Battlefields: Happy Valley #1


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Battlefields: Happy Valley #1


  • Words: Garth Ennis
  • Art: P.J Holden
  • Colors: Tony Avina
  • Story Title: $2.99
  • Publisher: Dynamite Entertainment
  • Release Date: Dec 23, 2009

Battlefields is proving to be Garth Ennis’ labor of love. It’s a series of minis depicting the small corners and not as commonly known aspects of the World War II. In these typically three issues stories, Ennis focuses on one person or a small group of characters, and through correspondence and letters, gives a first person account of their travails.

In the newest edition, Happy Valley, we are introduced to the 444 Squardon, an Australian bomber unit with only three ops left of their tour. Our entry character is a young and fresh pilot by the name of Ken Hardy, who is thrown in with this lot, much to their chagrin.  No one wants an untested pilot at the helm when things get hairy and the boys are very vocal about their concerns. None is more so outspoken than Masher, the squadron’s alpha male with a heart of gold. He’s the kind of man that would share a beer with you or take a bullet for you with the same level of ease if you have his respect.

Ennis tells us this in a three-page sequence showing Masher switch from jovial mirth to straight up anger when hearing about a potential chink in his squadron’s armor. He is not concerned with hurt feelings when his mates are involved. It is a very well done use of pacing that tells us more about the man than a chapter full of text. The issue itself chronicles Hardy earning the respect of his crew and creating a war-time bond with these men.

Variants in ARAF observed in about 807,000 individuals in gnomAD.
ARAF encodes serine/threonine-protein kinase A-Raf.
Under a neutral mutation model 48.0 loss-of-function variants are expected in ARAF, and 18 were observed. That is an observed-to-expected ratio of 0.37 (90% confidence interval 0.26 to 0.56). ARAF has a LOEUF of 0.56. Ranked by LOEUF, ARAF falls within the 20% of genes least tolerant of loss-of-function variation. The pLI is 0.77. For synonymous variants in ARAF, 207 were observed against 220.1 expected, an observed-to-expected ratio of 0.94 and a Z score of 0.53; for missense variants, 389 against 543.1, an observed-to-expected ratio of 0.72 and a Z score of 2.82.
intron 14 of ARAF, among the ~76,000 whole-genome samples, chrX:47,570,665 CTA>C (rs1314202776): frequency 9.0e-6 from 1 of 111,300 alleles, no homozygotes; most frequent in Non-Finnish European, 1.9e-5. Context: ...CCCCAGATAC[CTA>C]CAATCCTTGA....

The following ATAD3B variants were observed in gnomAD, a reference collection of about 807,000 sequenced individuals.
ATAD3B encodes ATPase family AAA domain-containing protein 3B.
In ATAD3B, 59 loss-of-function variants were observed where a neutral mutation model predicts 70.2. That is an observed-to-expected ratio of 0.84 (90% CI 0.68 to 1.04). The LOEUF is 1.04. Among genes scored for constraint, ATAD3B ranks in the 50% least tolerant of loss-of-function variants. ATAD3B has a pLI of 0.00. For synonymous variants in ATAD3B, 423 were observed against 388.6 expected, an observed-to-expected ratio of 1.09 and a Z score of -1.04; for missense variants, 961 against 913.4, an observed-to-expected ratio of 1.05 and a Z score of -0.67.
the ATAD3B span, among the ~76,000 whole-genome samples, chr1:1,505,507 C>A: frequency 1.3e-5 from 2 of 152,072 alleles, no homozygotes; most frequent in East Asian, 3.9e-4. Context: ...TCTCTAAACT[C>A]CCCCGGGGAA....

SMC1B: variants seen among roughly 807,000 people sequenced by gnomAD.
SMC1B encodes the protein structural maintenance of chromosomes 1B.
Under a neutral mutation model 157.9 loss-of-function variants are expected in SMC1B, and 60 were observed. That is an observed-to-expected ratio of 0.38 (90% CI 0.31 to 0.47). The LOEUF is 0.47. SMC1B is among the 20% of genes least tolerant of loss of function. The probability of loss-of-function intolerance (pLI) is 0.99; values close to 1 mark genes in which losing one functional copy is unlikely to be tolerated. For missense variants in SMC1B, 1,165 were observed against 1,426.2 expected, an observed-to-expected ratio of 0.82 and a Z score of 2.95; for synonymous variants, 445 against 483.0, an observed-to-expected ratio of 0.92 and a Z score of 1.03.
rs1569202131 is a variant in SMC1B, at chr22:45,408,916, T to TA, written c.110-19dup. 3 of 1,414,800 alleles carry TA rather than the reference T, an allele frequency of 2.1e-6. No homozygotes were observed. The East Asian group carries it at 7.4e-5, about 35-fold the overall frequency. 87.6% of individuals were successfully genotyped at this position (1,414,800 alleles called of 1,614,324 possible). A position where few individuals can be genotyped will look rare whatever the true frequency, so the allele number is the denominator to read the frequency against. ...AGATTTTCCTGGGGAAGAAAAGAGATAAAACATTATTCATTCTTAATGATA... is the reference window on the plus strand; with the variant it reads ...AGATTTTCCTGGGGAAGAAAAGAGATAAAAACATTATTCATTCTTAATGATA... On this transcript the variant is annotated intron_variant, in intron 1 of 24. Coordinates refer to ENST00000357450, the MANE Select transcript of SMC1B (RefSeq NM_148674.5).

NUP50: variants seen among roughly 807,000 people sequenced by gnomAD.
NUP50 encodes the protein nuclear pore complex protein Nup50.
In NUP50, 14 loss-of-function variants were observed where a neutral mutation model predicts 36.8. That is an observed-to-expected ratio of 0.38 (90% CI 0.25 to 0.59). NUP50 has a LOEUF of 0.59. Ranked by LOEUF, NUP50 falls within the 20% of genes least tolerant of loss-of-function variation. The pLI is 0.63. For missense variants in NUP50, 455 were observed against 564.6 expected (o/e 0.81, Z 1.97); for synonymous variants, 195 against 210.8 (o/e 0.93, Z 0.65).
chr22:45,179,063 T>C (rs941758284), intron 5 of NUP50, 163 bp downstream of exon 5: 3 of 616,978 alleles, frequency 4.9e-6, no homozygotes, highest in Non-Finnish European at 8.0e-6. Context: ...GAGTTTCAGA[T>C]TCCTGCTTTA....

Using the story device of a letter written by Hardy to his father provides the tale with a first person perspective that comes off as honest and sincere amongst all the amped up testosterone. It also takes the place of what could have easily become overly sentimental text boxes or thought balloons in a story so steeped in reality.

Having no knowledge of the actual events or details of these soldiers’ day to day lives, Ennis does a fine job of throwing the reader into the thick of it and giving you all the info you need succinctly. He does not write down to his audience, but also does not show off his obvious knowledge of the subject. It is accessible at the same time as inclusive, working as a story on its own, but also inspiring the reader to find out more about the time and actions of these characters’ counterparts. Such should be the intent of all historical fiction. It should educate as well as entertain. Ennis knows this and masterfully pieces together a fine adventure.

The art chores by P.J. Holden suit the story and time frame wonderfully, maintaining a real feel, while also keeping one foot in the pulp style that littered the news stands of the time. Some scenes are reminiscent of Darick Robertson’s more recent work with Ennis on The Boys, but that can be attributed to the books sharing colorist, Tony Avina. All in all, it is very good, kinetic art that captures the emotions and actions of the story without overshadowing it.

Many may think that you need to be a so-called “war buff” in order to enjoy Ennis series. Having read very few war comics myself, I can tell you that all you need to be is a fan of a good story. The details of its timeframe are almost irrelevant, focusing on the men more than the mission. It’s as if the war only acts as a conduit for these tales of bravery and valor. I think I may have finally understood the appeal, having in the past gotten bogged down by the minutia and fact checking. It inspires us to learn more as opposed to telling us that we should know it.

Battlefields: Happy Valley
comes highly recommended. The previous missed trades may end up on this guy’s reading list sooner rather than later.

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